climate change

Environment
9:39 am
Thu January 22, 2015

Sen. Whitehouse Applauds Official Senate Recognition Of Climate Change

Sen. Sheldon Whitehouse addresses the Senate during one of his weekly speeches on climate change.
Credit Whitehouse Office

Climate change is real, not a hoax. That’s according the U.S. Senate, which is now on record about the reality of climate change.  The Senate voted 98 to 1 on an amendment recognizing climate change in the Keystone Pipeline bill.  

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Environment
10:29 am
Wed January 21, 2015

EPA Head To Survey Parts Of RI Endangered By Climate Change

Misquamicut Beach in Westerly was drastically affected by hurricane Sandy in 2012.
Credit Ambar Espinoza / RIPR

The head of the Environmental Protection Agency’s New England region is in Rhode Island Wednesday. Curt Spalding will survey parts of the state, to see which are at risk to storms and increased sea level rise.

For two days, the EPA’s Curt Spalding will tour areas in Westerly, South Kingstown, North Kingstown and Warwick. The idea behind the tour is twofold: to examine at-risk areas, and share ideas and existing tools for how to plan for rising seas and more violent storms.

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Environment
5:00 am
Tue December 30, 2014

Learning To Reduce Food Waste

David Rocheleau co-leads a workshop that teaches people how to reduce their food waste. The Rhode Island Food Policy Council, in partnership with the U.S. Environmental Protection Agency, offered this program called "Food: Too Good To Waste."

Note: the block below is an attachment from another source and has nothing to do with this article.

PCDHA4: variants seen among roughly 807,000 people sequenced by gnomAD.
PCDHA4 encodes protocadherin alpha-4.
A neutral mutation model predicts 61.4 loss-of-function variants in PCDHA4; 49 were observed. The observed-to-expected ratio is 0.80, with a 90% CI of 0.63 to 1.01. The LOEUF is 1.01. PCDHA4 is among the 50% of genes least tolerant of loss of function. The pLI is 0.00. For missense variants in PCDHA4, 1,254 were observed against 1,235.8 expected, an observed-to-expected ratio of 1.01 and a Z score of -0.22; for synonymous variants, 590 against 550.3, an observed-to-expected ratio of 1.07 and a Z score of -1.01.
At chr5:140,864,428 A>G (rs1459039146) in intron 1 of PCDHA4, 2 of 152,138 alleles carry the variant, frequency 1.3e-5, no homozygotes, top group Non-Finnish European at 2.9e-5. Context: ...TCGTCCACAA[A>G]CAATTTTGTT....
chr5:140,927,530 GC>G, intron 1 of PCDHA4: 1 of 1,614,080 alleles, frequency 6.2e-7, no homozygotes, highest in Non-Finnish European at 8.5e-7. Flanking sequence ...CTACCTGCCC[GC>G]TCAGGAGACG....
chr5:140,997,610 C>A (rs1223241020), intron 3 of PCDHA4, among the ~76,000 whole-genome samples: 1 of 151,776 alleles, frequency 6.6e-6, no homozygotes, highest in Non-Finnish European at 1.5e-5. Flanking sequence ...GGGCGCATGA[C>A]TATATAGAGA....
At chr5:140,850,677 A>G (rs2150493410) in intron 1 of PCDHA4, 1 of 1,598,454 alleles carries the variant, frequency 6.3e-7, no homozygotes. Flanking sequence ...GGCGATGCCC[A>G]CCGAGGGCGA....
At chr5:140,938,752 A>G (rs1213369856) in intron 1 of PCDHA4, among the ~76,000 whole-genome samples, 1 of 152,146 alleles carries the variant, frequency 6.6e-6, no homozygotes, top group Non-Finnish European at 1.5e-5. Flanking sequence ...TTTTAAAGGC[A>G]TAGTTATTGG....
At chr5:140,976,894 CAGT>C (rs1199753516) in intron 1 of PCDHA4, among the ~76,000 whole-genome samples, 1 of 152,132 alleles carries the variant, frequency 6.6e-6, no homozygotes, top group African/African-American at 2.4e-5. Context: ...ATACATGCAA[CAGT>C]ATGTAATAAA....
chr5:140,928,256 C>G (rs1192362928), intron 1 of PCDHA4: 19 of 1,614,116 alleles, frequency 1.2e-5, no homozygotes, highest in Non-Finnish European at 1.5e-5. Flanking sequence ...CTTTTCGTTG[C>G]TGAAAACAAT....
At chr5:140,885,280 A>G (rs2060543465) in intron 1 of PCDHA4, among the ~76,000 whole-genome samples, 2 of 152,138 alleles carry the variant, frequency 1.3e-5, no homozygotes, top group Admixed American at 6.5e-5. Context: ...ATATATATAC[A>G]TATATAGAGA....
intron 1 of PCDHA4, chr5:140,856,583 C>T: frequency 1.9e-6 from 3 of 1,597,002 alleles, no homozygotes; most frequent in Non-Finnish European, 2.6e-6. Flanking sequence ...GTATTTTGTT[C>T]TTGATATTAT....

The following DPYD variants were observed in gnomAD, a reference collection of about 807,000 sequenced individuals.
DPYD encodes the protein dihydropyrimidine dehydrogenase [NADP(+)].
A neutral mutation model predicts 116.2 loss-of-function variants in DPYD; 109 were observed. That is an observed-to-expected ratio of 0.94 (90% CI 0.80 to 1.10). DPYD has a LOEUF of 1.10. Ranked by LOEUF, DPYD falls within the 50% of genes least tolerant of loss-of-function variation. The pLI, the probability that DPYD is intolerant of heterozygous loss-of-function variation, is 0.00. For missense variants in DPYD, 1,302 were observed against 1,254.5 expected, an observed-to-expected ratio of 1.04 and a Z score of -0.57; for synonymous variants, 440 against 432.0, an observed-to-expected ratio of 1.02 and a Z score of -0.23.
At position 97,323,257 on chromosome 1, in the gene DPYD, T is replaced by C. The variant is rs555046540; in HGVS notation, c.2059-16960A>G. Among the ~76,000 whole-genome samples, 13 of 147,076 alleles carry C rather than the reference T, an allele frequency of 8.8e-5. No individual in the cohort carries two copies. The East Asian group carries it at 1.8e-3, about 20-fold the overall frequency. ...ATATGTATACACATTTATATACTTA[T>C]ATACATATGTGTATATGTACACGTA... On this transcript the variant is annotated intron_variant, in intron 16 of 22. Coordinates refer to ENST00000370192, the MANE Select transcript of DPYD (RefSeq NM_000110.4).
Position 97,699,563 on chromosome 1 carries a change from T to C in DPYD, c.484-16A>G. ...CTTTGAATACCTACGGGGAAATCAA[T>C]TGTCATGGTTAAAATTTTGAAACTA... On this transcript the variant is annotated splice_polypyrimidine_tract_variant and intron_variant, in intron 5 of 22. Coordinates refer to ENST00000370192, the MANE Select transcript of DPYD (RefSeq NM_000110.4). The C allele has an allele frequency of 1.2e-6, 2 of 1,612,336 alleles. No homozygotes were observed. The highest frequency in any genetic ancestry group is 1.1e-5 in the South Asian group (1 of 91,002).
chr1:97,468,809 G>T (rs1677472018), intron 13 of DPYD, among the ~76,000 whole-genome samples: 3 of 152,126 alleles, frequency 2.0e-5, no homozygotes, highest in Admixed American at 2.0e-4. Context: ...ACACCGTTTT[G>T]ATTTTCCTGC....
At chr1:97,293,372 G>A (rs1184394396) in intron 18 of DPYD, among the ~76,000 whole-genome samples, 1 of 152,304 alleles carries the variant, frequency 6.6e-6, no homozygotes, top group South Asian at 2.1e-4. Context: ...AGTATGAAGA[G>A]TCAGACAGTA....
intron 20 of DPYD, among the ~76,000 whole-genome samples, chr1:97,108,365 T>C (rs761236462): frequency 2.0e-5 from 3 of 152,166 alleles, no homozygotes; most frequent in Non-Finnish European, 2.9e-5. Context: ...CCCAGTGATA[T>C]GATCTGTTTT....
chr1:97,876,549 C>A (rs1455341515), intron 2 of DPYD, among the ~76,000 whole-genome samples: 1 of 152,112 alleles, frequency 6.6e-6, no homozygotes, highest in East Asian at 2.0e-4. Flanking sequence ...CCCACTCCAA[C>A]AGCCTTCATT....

Ambar Espinoza RIPR

We throw away a lot of food over the holidays. More than usual. We generate about 25 percent more waste between Thanksgiving and New Year’s Day. Food that ends up in the trash can not only hurts our wallets, but also fills up landfills, sending off noxious gases. The Rhode Island Food Policy Council launched a pilot program earlier this year, teaching people how to cut down the amount of food they throw away. Our environmental reporter Ambar Espinoza gave it a try and has this story.

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Science
5:58 am
Wed December 24, 2014

Brown University Scientist Uses Time-Lapse Photography To Study Change In Antarctica

A field photo of this year’s first time-lapse station of the season, which Dickson installed earlier this week, showing the southern wall of Taylor Valley with its dense concentrations of "water tracks," the dark streaks flowing down the slope.
Jay Dickson Brown University/University of Texas/National Science Foundation

Monitoring how the climate is changing in Antarctica’s most stable environments, the desert valleys, is very difficult. But that’s what Jay Dickson, a staff scientist at Brown University’s Department of Earth, Environmental, and Planetary Sciences, is trying to do, using time-lapse photography.

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Battle With The Sea
7:47 am
Thu December 18, 2014

Battle With The Sea: Protecting Wastewater Treatment Plants

Historic rains flooded the Pawtuxet River in 2010, overtopping the earthen levee built to protect the Warwick Sewer Authority.
Photo Courtesy of Janine Burke

Here’s an effect of climate change you might not have thought of: heavy rains flood wastewater treatment plants. These intense rain storms are one result of warming temperatures. As part of our ongoing series, Battle With The Sea, Rhode Island Public Radio’s environmental reporter Ambar Espinoza has a report from a wastewater treatment plant in Warwick.

The Warwick Sewer Authority is located on the banks of the Pawtuxet River, next to what is called an oxbow, the U-shape curve in a river. The river wants to fill in the land next to the oxbow each time it floods. 

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